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‘Violent Night’ review

If you threw ‘Die Hard’ into a blender with ‘Santa Claus: The Movie’ and ‘Home Alone’, you’d get ‘Violent Night’ – a ludicrously entertaining yuletide actioner that succeeds on all fronts. In a time when Christmas movies are a dime a dozen, ‘Violent Night’ manages to deliver seasonal cheer aplenty, along with a joyfully-festive big screen theatrical experience – something that we’ve come to miss in recent years. Managing to balance comedy and carnage in equal measure, ‘Violent Night’ is a blockbuster you’ll not want to miss.

Leading the line is ‘Stranger Things’ superstar David Harbour – perfectly cast I might add – as Santa Claus, who is having a crisis of faith as another Christmas Eve beckons. With kids seemingly missing the whole point of Christmas and not believing in the magic anymore, Santa feels like it might be the right time to hang up his boots and retire for good. That is until a twist of fate places him inside a huge mansion delivering gifts just as terrorists take over the house. Led by Mr. Scrooge (John Leguizamo), these criminals are after a huge stash of cash held in the vault of its owner, billionaire businesswoman Gertrude Lightstone (Beverly D’Angelo). With her dysfunctional family over for the holidays, the criminals hold them all hostage. That is, until Santa intervenes to try and save the day.

The premise for ‘Violent Night’ is so simple but it’s so effectively done that you’ll have a blast throughout the trim 1hr 41min runtime. Lean and to-the-point, without wasting a frame, ‘Violent Night’ entertains throughout thanks largely to David Harbour’s excellent portrayal of Santa Claus. This is violent in the best possible ‘Tom & Jerry’ way, but Harbour never loses that sweet Santa personae even when he’s beating people up with a bag of snooker balls, shoving tree-top stars into eyes or blowing up gunman with grenades. It’s actually quite a hard thing to pull off! Perhaps it’s the power of the suit, but Harbour is one of the most beloved versions of old St. Nick that we’ve ever had onscreen.

His chemistry with Leah Brady as Trudy Lightstone is also a big reason why the film succeeds as a proper Christmas movie too. Brady is a delight as the young granddaughter of Gertrude. She still believes in the magic of Christmas and Santa Claus, and becomes his partner in crime as he clears the mansion of bad guys. They are a great double act who spend most of the film communicating via walkie-talkies (just like in ‘Die Hard’), and there’s a genuine sweetness between Harbour and Brady’s performances that gets the audience fully invested into the plot.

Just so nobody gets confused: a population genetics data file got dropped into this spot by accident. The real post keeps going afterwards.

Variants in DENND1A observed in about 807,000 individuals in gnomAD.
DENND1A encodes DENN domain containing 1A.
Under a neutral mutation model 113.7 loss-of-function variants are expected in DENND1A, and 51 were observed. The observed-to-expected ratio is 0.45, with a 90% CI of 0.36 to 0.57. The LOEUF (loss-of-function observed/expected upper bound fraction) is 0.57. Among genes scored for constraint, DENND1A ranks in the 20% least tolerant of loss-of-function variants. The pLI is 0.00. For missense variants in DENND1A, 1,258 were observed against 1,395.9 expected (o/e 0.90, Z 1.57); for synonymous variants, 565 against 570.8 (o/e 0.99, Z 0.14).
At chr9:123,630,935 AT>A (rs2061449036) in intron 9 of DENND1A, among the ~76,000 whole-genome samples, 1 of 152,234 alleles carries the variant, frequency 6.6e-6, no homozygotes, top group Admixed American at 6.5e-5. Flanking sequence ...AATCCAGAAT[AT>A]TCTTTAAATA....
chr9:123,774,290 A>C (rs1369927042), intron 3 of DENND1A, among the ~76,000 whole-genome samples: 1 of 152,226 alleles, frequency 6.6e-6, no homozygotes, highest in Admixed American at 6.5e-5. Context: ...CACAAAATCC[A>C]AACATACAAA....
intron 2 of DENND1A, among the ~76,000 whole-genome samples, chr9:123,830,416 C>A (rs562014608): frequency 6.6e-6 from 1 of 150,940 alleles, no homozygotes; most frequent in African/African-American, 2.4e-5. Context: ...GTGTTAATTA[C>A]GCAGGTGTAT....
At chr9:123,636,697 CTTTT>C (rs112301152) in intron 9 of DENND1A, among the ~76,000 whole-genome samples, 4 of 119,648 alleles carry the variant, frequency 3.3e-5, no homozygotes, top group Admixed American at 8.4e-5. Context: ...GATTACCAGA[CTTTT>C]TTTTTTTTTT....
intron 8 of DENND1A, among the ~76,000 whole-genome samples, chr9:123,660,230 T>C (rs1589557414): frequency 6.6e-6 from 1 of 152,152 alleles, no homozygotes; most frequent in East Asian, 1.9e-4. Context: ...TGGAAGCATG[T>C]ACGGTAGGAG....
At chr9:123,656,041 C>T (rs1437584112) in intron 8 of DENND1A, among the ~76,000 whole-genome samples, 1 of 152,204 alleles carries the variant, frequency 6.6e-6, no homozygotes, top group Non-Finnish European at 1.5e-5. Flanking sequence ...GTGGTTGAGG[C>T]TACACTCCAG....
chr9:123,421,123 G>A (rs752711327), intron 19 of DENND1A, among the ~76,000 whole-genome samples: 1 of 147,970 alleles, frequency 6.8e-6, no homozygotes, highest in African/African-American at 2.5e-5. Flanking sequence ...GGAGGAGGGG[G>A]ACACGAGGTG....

The ensemble round this off brilliantly, with each of the characters having some truly hilarious moments and some killer one-liners (as all good action movies should). John Leguizamo elevates everything he’s in and makes for an excellent bad guy. Comedy legend Beverly D’Angelo, (who is already a Christmas tradition in her own right after starring in the timeless classic ‘National Lampoon’s Christmas Vacation’) steals her scenes as Gertrude Lightstone. Her absolute distain for her family is wonderful to see. Edi Patterson and Alex Hassell shine as bickering siblings Alva and Jason Lightstone, and Cam Gigandet sends himself up hilariously as vain B-list action star Morgan who has married into the family.

There’s also strong support from Alexis Louder as Trudy’s mom Linda, who is estranged from Jason. Alexander Elliot plays Alva’s brattish teen-influencer son Bertrude and is very funny in the role. Most of the terrorists also have their moment to shine, with Brendan Fletcher a joy as the wickedly deranged elf Krampus. Mitra Suri and André Eriksen share, perhaps, the best scene of the film which features Trudy going full Macaulay Culkin on their arses in a brilliant homage to Home Alone. There are bowling balls, rusty nails and plenty of pratfalls to keep the audience entertained.

‘Violent Night’ is full of festive fun and carnage, and a true seasonal delight. It takes the best from a lot of classic Christmas films and adds a dash of comedy to make it all work really effectively. And the best thing is that this concept could easily run for more movies. Place David Harbour’s Santa in more wacky and crazy adventures across numerous Christmas Eve scenarios and I think you have a recipe for some box office gold. ‘Violent Night’ is a perfect piece of escapist fun this holiday season and will guarantee you a very jolly Christmas.  

Cast: David Harbour, John Leguizamo, Leah Brady, Beverly D’Angelo, Alex Hassell, Edi Patterson, Cam Gigandet, Alexis Louder, Alexander Elliot, Brendan Fletcher, Mitra Suri, André Eriksen Director: Tommy Wirkola Writer: Pat Casey, Josh Miller Certificate: 15 Duration: 101 mins Released by: Universal Release date: 2nd December 2022

Jason Palmer
Jason Palmer
Jason is a film contributor for Entertainment Focus (EF) bringing you the latest news and reviews from the movie world.

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If you threw ‘Die Hard’ into a blender with ‘Santa Claus: The Movie’ and ‘Home Alone’, you’d get ‘Violent Night’ – a ludicrously entertaining yuletide actioner that succeeds on all fronts. In a time when Christmas movies are a dime a dozen, ‘Violent Night’...‘Violent Night’ review